I met Haidara last night at the Djenne Carrefour, having ridden there on my Yamaha DT trail bike through the ravishing and verdant rainy season landscape, bathed in a soft late afternoon sun. He was on his way to Timbuktu from Bamako and carried with him the three digitisation units we had ordered from Dubai for the library project. Since his vehicle was faulty he needed to go straight on, and dropped the material off at the crossroads. We had time to discuss a little sitting on a wooden bench by the gendarmerie.

I told Haidara about my difficulties with the management committee: that they don’t strictly have any executive power in this project, although they think they have the right to run it. We discussed one item in particular- the fact that London will not allow me to change the wage structure in the project. The members of the Management committee have been informed how much each and everyone that is working in the project will receive. They now want to start negotiating, obviously so that they can themselves receive something too, even though they may not have a function in the project. Now, I have refused of course, I have refused point blank in a calm but rather charm-less toubab manner. This has caused friction, to say the least. Haidara, the consummate diplomat, advised me the following, which seems to me extremely simple but worthy of Solomon himself:

You should have said “Yes, of course you can negociate!”

My heckles rose again and I thought I had another fight on my hands, but I calmed down when he continued:

“But you just ask them to do the negotiation directly with the wage takers themselves. You are obliged by London to pay the workers their specified wages. That is your duty, and you must do your duty. But you have no power over how they use their money. In this way you will satisfy the African way as well as the London requirements. You have to understand these people, Sophie" he continued. "They have nothing. Then you arrive with a project worth 40 000 000 FCFA but they find that they still have nothing! Our African way is to share things. You must learn to listen to the African way."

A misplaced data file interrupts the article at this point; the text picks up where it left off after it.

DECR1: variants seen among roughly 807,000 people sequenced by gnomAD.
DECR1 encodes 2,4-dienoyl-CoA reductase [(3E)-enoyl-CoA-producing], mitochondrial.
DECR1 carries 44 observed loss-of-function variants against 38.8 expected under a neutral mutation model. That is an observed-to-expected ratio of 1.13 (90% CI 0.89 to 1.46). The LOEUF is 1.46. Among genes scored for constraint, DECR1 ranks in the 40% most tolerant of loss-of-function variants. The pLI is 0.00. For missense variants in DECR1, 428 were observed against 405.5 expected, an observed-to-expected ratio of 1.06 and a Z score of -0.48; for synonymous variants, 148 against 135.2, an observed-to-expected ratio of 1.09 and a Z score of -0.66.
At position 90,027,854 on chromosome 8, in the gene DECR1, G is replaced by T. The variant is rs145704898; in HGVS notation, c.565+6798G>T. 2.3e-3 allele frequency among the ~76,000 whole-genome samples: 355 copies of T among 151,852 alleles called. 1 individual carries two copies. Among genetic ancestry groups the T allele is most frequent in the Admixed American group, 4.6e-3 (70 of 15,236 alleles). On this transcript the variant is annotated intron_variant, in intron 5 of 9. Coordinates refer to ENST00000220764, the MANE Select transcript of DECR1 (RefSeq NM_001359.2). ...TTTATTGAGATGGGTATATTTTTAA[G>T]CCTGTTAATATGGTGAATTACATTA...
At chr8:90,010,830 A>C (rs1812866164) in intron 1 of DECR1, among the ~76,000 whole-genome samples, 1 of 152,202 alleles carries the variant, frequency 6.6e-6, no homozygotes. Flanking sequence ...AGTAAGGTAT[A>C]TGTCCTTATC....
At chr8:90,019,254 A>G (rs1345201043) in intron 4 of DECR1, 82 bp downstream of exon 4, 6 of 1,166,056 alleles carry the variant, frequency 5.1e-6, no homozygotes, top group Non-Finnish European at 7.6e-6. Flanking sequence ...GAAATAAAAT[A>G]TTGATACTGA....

When I rode back to Djenne under a bright and starry African sky I felt as if I had just had an audience with one of the Wise Men of the East, which is in fact very much the way Haidara looks...

This group of men outside the dogotige's (village chief's)hisoric Djenne house are not all members of the Library Management Committee, but they give a good indication of the people that I am working with in the library project.

Monday, September 12, 2011

There are Bad Times just around the Corner, and the Outlook is absolutely Vile!

Yes, indeed.
These Noel Coward lyrics had been twirling around in my head, inexplicably, but as it happens prophetically, since last week. I just hummed along merrily to the happy tune. But now I understand: